Baby Boomers: Poorer in Old Age Than Their Parents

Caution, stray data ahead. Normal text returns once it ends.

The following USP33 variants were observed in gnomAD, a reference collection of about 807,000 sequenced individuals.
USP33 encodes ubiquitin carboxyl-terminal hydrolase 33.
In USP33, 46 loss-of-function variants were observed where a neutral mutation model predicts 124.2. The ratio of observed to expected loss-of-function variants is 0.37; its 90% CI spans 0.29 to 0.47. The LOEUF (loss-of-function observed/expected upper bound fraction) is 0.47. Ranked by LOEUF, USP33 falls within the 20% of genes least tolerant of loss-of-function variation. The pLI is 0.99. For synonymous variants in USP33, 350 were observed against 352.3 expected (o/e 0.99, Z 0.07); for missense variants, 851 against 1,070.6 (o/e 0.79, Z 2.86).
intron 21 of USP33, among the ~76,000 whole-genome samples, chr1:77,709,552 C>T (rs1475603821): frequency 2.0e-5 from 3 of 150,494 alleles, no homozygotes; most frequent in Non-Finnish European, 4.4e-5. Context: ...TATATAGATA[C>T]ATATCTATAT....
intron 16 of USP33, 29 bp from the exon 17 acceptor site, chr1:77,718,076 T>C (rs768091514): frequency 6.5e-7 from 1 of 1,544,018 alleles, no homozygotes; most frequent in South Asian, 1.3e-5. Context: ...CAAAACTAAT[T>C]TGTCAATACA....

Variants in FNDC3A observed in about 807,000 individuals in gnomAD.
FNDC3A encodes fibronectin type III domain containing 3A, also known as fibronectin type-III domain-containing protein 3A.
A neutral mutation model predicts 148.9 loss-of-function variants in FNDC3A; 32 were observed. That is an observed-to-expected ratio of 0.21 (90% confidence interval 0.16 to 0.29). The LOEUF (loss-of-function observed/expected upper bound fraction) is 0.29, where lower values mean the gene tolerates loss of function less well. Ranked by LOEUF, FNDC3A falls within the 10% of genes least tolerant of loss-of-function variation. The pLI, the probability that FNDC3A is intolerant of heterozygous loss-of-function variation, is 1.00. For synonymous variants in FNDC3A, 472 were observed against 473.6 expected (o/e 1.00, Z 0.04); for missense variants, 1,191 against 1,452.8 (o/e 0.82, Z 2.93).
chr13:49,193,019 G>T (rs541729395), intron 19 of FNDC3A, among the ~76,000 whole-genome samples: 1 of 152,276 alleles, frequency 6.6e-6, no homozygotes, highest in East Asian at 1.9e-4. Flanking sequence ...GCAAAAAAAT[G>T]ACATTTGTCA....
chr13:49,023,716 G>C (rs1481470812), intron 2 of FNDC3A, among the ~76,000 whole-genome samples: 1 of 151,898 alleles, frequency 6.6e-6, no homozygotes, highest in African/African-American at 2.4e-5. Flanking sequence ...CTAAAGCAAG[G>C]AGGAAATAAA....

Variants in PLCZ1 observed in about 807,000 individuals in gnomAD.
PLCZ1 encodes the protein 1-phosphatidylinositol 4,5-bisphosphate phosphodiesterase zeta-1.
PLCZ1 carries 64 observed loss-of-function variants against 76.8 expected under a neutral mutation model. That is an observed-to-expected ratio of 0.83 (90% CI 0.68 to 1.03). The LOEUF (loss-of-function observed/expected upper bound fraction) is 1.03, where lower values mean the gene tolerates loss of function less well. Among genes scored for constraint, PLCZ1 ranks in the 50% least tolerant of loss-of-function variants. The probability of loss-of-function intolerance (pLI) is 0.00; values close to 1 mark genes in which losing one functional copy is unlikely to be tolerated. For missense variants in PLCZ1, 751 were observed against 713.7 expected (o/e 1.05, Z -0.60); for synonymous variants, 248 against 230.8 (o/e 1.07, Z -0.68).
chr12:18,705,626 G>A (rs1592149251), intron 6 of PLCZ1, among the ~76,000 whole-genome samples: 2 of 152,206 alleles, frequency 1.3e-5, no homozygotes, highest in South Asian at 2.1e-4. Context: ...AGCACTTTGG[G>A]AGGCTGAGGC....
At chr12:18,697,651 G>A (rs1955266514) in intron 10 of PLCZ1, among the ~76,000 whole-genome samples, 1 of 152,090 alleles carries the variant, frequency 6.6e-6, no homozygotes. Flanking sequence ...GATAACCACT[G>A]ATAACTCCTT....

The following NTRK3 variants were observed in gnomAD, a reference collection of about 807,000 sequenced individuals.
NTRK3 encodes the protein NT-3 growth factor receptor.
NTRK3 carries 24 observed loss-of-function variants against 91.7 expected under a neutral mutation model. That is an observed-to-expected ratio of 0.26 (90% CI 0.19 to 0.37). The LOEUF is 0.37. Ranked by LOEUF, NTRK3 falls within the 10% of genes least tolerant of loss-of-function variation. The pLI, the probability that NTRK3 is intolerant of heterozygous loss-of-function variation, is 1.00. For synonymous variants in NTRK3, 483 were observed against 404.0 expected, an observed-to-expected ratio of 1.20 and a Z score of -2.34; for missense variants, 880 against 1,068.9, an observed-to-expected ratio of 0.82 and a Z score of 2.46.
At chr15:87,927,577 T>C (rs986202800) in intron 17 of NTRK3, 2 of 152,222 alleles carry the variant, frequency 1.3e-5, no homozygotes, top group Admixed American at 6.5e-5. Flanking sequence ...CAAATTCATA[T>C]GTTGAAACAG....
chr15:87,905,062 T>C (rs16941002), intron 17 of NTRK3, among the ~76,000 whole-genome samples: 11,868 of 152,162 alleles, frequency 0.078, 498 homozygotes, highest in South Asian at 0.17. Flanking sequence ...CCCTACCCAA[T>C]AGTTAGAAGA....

Eighty-seven-year-old Lew Manchester has just returned from a three-week trip touring Buddhist temples in Laos and cruising the Mekong Delta in Vietnam. His 61-year-old daughter Lee lives year-round in the basement of a friend’s cottage on Cape Cod. Both worked all their lives, both saved what they could. Yet Lew, a son of the Great Depression and former company man, and Lee, a baby boomer who has pursued careers as an entrepreneur and a midlevel manager, ended up in different economic strata. “Timing is everything,” says Lee, who now works at an inn, “and my dad’s timing with jobs, real estate, and retirement benefits was better.”
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